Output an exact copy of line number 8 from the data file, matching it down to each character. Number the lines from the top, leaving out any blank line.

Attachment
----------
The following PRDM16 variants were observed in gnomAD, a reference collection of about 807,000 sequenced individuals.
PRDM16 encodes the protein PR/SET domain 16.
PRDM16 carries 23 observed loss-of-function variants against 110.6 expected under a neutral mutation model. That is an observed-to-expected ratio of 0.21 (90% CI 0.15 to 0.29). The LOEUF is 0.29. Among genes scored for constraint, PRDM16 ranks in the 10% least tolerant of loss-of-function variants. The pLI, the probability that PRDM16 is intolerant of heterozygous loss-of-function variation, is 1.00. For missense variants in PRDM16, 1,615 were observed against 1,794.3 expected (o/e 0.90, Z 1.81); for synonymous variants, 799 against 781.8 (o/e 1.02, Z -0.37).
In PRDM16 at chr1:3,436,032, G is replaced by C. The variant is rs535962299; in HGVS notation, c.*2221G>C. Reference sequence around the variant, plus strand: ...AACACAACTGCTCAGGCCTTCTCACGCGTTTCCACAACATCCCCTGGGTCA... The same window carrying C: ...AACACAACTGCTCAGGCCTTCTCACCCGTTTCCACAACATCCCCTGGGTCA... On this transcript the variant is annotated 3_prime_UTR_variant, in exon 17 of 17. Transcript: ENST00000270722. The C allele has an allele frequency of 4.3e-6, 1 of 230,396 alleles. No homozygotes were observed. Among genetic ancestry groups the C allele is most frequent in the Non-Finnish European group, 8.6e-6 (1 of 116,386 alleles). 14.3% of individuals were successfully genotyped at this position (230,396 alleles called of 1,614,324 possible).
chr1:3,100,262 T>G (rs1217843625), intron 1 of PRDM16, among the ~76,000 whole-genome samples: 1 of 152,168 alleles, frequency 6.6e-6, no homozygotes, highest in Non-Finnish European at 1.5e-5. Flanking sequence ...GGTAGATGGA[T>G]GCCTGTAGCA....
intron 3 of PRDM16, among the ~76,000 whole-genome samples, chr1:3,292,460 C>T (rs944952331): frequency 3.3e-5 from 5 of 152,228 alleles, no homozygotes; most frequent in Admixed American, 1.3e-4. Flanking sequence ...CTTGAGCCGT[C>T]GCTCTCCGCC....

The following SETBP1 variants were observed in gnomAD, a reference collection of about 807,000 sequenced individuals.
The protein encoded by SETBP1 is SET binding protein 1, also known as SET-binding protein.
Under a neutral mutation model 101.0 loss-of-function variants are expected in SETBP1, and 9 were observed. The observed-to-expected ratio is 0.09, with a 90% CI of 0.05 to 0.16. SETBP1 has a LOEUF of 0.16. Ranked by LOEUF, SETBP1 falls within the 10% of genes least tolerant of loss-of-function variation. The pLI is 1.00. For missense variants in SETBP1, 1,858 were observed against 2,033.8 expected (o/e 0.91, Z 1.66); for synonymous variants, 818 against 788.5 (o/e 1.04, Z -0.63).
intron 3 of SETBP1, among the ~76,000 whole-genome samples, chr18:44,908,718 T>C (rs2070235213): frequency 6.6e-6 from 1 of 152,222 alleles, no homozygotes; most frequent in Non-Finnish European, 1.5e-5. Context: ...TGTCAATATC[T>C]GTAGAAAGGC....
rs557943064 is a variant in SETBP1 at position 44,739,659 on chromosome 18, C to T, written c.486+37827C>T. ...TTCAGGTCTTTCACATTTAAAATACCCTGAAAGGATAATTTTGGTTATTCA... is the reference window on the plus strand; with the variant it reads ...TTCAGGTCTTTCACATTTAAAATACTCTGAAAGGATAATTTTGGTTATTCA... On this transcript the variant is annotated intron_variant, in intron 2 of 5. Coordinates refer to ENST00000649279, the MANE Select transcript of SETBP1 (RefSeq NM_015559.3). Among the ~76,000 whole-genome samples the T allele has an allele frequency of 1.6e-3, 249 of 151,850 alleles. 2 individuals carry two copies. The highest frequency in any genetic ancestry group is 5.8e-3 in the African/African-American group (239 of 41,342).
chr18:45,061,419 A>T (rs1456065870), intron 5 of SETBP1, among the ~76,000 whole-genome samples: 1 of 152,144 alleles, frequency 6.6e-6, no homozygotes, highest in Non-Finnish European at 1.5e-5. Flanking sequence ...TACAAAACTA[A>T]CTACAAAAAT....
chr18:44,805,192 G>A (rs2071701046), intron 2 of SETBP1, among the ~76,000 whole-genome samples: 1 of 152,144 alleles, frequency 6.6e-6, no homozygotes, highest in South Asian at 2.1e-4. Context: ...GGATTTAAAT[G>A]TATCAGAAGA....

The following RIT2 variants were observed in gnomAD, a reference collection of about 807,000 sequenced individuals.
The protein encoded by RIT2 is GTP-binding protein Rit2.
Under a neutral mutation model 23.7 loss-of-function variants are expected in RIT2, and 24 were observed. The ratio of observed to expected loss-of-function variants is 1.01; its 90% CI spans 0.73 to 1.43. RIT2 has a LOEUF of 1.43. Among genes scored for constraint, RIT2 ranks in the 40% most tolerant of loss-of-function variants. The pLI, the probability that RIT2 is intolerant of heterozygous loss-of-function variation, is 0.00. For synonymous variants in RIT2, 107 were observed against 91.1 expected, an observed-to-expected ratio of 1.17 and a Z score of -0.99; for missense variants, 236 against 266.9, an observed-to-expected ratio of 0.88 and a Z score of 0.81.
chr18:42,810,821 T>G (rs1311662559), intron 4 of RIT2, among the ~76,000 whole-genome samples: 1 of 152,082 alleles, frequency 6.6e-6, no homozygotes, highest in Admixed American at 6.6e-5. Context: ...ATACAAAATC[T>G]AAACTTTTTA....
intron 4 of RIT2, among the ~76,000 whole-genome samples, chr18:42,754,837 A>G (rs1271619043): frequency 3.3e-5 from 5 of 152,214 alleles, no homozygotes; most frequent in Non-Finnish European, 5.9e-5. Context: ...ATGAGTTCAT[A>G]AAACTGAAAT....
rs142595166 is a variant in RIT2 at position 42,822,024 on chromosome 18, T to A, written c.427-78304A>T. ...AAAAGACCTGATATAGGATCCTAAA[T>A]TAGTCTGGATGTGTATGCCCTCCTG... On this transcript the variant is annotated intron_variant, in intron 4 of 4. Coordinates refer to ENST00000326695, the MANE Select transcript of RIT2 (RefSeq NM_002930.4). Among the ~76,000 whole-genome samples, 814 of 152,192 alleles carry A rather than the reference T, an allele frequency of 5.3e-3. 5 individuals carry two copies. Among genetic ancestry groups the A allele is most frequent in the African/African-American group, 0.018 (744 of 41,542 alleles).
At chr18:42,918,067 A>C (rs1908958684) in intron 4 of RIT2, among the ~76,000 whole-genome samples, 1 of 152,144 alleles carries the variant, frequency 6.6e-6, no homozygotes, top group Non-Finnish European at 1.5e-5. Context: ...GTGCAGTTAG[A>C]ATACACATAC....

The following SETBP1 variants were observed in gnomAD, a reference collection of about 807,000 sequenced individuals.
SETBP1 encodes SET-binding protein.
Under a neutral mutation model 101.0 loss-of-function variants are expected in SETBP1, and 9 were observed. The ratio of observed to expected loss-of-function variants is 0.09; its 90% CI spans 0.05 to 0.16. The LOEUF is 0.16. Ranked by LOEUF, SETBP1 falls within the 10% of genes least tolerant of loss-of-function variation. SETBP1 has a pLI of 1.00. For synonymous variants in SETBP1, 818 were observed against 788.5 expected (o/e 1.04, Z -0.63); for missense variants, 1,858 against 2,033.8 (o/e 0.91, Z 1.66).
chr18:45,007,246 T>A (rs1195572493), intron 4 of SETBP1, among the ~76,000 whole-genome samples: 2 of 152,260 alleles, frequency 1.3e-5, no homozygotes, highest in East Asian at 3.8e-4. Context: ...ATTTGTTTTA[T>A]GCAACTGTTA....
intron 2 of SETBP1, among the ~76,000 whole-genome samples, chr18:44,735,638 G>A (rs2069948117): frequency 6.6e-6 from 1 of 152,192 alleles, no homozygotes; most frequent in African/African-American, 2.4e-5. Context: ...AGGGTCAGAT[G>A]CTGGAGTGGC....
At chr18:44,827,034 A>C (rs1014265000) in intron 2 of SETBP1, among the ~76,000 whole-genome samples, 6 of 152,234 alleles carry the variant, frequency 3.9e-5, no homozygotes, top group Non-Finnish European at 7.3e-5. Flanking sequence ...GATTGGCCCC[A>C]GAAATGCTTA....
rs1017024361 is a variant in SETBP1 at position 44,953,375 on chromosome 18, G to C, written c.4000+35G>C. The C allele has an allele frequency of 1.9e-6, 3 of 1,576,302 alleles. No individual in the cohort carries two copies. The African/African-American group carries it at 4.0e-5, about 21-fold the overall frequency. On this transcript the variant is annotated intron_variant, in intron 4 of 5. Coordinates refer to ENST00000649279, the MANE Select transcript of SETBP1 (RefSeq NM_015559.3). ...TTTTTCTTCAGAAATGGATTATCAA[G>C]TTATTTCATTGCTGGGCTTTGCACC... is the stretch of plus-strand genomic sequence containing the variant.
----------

The protein encoded by SETBP1 is SET binding protein 1, also known as SET-binding protein.